The Quincy Library group.
No clearcutting on U.S. Forest Service land. No logging or grazing near streams. Timber processed at local mills. By mutual decree of loggers and environmentalists.
IF THE "POSTED" sign at right sounds like a scene from The Peaceable Kingdom, come to the Feather River watershed in northeastern California. A five-year experiment proposed for three national forests there could not only change the way the U.S. Forest Service manages its natural resources--it could also change who's in charge.
Members of a rag-tag group that developed the plan for the Plumas, Lassen, and Tahoe national forests say it uses common sense to achieve obvious goals: healthy forests and healthy small-town economies through time. Instead of harvesting timber to meet mandated targets, they propose managing the forest by a network of watersheds. And in place of land-use decisions made by bureaucrats in offices without windows in Washington, DC, local leaders will sit in judgment on local federal resources.
"Once we assume responsibility for the national forests in our own backyards, neither they nor we will ever be the same," says Michael B. Jackson, a Quincy environmental attorney.
If it works, the Clinton Administration will have a model for the grassroots ecosystem management the President has challenged rural communities to create. And beleaguered Forest Service officials could begin to reclaim their reputation as prudent managers of the nation's forest resources.
"None of us has ever done this before, and I'm sure we'll make mistakes," says Plumas County, California, Supervisor Bill Coates, "but I'd rather go down fighting than watching. We're trying to take the future in our own hands."
The plan for 2.5 million acres of prime timber land between Lake Tahoe and Lassen National Park has its roots in unpopular past decisions made by the Forest Service. After decades of controversial logging on national forests throughout the West, dramatic reductions in federal timber volumes were prompted by lawsuits, court orders, and a shift in public attitudes. On the Plumas National Forest, a historic leader among forests in California, the 1980s' 200 million-board-foot average dropped to around 50 million board-feet in 1994. The estimated harvest for 1995 is 28 million board-feet.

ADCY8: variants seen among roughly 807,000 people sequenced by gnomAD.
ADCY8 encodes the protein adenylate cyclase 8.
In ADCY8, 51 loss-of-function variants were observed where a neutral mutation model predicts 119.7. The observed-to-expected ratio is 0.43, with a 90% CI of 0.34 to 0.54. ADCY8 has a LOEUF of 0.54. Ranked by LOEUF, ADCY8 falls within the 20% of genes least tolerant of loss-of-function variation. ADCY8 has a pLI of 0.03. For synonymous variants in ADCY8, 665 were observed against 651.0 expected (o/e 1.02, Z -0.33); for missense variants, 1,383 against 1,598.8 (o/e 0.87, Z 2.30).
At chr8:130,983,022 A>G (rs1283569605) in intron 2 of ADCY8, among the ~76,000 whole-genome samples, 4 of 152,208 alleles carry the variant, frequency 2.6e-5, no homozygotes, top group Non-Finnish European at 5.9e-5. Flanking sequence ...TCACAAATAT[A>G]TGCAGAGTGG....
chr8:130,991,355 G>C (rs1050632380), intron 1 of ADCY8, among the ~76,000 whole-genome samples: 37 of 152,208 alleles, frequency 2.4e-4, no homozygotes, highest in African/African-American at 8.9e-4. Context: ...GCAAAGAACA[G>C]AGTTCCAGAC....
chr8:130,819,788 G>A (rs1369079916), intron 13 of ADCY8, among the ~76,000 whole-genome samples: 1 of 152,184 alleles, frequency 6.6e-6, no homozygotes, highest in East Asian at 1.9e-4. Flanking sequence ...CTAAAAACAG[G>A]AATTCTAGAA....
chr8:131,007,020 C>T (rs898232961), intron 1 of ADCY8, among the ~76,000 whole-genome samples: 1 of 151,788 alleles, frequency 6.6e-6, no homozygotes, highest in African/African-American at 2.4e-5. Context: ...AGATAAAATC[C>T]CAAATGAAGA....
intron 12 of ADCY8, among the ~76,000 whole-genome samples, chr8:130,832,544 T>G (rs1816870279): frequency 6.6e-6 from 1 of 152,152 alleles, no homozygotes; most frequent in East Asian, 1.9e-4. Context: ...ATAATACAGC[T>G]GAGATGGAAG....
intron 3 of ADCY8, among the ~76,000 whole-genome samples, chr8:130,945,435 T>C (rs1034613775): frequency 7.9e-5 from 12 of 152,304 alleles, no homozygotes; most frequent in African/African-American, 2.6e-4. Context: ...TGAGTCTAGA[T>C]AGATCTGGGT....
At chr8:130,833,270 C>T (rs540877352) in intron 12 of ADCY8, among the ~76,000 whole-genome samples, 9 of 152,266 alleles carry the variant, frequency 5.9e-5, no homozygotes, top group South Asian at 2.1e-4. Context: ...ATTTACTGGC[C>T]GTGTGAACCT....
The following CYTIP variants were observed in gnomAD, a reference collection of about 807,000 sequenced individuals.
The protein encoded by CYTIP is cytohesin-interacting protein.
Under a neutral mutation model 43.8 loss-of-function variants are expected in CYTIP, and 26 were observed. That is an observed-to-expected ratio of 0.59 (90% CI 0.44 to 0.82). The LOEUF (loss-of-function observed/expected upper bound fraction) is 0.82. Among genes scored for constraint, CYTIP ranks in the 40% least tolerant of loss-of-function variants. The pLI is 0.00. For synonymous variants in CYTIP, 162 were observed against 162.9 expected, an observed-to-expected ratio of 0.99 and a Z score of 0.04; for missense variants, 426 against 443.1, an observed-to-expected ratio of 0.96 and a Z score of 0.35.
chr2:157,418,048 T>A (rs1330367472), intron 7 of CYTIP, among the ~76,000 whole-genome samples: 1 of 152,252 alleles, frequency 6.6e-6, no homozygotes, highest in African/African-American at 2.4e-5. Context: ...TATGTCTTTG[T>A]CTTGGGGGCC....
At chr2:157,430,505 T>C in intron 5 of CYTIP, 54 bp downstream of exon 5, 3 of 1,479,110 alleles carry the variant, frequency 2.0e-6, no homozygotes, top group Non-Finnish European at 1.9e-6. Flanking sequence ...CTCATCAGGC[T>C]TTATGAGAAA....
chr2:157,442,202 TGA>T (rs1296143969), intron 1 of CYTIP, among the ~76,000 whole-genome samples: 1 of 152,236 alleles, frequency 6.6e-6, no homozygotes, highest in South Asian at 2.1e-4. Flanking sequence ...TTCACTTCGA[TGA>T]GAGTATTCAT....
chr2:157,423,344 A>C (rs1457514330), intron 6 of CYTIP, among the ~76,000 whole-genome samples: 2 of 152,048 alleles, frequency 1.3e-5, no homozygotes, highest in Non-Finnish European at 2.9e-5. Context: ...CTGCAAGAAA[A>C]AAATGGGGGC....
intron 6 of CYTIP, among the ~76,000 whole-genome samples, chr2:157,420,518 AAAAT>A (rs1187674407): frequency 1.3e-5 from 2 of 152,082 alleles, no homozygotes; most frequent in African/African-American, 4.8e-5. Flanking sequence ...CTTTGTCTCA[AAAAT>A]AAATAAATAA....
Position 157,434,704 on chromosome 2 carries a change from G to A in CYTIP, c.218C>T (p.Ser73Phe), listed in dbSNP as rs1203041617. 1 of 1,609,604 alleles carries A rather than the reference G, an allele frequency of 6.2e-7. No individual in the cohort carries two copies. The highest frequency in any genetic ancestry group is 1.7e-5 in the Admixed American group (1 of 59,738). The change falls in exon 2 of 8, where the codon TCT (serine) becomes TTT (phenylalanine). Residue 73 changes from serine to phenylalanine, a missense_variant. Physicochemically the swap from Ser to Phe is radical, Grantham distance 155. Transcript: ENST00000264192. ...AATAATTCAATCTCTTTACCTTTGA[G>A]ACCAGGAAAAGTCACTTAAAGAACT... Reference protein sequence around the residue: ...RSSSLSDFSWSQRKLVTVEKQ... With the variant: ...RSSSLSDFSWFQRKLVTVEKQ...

Coates, owner of a Quincy tire shop, looked at the economic future heading toward the rural towns he represents and saw nothing but loss--for his community as well as for Sierra Pacific Industries, the lumber company that dominates Plumas and Lassen counties and has supported Coates throughout his political career. The trend for timber-dependent communities was bad enough, but in 1993 it worsened with an interim Forest Service plan designed to keep the California spotted owl from suffering the fate of its northern cousin--becoming listed as endangered. Former Pacific Southwest Regional Forester Ron Stewart's guidelines banned the logging of trees more than 30 inches in diameter.
"Our small towns were already endangered," says Coates. "This was going to wipe them out."
If history had repeated itself, Coates would have girded up for yet another battle with both the Forest Service and local environmentalists. Instead, he walked directly into enemy territory--Jackson's law office. With him was Tom Nelson, a Sierra Pacific Industries forester and member of the California Board of Foresters. Among environmentalists, Coates is known as a do-or-die timber advocate and Nelson is characterized as a "snake in the Garden of Eden: smart, charming, and lethal."
Jackson is a self-described "environmental wacko." He has used his mouth and lawyer's license to sue local, state, and federal agencies over resource abuses. Jackson and Coates had been warring for 15 years in an owls-versus-jobs fight that polarized their community and made them confirmed political foes.
But this time Jackson shared Coates' fears--the effect on their community's future. Both have watched the life drain out of similar towns in Washington and Oregon in tragic cycles of disappearing jobs, failing businesses, arguments, alcohol, and abuse. "Not in my backyard," says Jackson. "These people are my neighbors. My heart doesn't bleed for Sierra Pacific Industries, but it bleeds for the folks getting $12 an hour who do not have alternatives for work."
So the enemies began meeting in private. Coates and Nelson gathered a group of timber-industry spokesmen who knew that the national-forest free-for-all was over. Jackson collected local anglers, tree-huggers, and mainstream environmentalists, and the hostile camps launched a series of edgy, tense discussions. They called themselves the Quincy Library Group after the only neutral gathering ground they could agree upon.